By Our Reporter
The United Nations Secretary-General, Mr. Ban Ki-moon has called for united global efforts to end the deadly disease of tuberculosis by 2030, as the world recently observed the World Tuberculosis Day.
The UN scribe, in a release issued by the global body, also noted that tuberculosis would claim the lives of 1.5 million people this year (2016) alone.
According to the release, “between 2000 and 2015, tuberculosis (TB) prevention, diagnosis and treatment saved 43 million lives. The TB mortality rate has fallen by nearly half. As such, the Millennium Development Goal (MDG) target of reversing TB incidence has been achieved.
“But, the fight against this deadly disease is only half-won,” the UN chief said in an annual message, noting that this year alone, TB will affect over 9.6 million men, women and children, and 1.5 million people will lose their lives.
Last year, the UN General Assembly adopted the 2030 Agenda for Sustainable Development, and ending the TB epidemic by 2030 is one of the Agenda’s targets. TB disproportionately affects the poorest and most vulnerable, the socially marginalised and those lacking access to basic services/health services.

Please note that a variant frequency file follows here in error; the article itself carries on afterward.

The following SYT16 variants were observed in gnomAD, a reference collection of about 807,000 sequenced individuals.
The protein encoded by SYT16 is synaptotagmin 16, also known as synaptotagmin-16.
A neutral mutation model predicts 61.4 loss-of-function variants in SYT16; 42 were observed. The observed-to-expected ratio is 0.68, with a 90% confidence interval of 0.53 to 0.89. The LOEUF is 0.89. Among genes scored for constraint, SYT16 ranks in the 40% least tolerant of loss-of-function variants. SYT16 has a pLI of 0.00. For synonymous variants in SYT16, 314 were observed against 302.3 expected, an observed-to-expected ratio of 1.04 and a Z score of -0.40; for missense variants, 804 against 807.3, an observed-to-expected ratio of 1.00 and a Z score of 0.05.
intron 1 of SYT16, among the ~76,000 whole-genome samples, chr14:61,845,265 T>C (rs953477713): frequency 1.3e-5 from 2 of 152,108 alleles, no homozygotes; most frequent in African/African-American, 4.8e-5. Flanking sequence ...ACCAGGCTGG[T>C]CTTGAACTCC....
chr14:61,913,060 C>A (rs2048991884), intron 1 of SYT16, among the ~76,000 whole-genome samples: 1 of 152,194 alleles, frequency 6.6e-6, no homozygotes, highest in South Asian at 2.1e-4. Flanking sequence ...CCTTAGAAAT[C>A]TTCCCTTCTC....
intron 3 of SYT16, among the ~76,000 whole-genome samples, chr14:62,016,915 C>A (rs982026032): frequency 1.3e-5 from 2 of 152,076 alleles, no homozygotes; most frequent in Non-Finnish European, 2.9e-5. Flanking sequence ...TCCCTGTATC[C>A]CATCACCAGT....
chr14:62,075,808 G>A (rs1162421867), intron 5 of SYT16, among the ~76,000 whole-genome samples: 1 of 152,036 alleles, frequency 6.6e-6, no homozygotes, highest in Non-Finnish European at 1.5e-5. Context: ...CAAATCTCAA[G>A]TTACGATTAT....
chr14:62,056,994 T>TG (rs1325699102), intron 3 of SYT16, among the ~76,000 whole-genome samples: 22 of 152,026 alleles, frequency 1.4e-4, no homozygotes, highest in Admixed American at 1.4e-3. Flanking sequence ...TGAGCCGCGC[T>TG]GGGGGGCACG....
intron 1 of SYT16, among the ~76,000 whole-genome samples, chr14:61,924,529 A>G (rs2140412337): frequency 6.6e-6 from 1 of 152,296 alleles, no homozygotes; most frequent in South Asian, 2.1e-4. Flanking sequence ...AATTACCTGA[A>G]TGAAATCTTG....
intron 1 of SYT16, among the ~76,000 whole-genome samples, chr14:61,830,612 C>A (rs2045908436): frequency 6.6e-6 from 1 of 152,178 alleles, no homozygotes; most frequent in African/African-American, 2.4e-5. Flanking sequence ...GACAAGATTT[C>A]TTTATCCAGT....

“Therefore, progress in ending TB must go hand in hand with other Sustainable Development Goal (SDG) efforts to reduce inequalities, eliminate extreme poverty, ensure social protection, achieve universal health coverage and end HIV/AIDS,” he said.
Ending the epidemic requires actions beyond ministries of health alone, and departments responsible for labour, justice, social welfare, science and technology, internal affairs and migration can all make a difference, Ban said, also stressing the need to engage affected persons and communities, as well as non-governmental organisations (NGOs), researchers and the private sector.
“On this World Tuberculosis Day, I call on leaders across Government, civil society and the private sector to unite to end tuberculosis,” he said.
In its press release, the World Health Organisation (WHO) highlighted that TB ranks alongside HIV/AIDS as the world’s top infectious disease killer, while shining a spotlight on progress made in several countries, including India, South Africa, Russia, Brazil and Vietnam.
Source: All Africa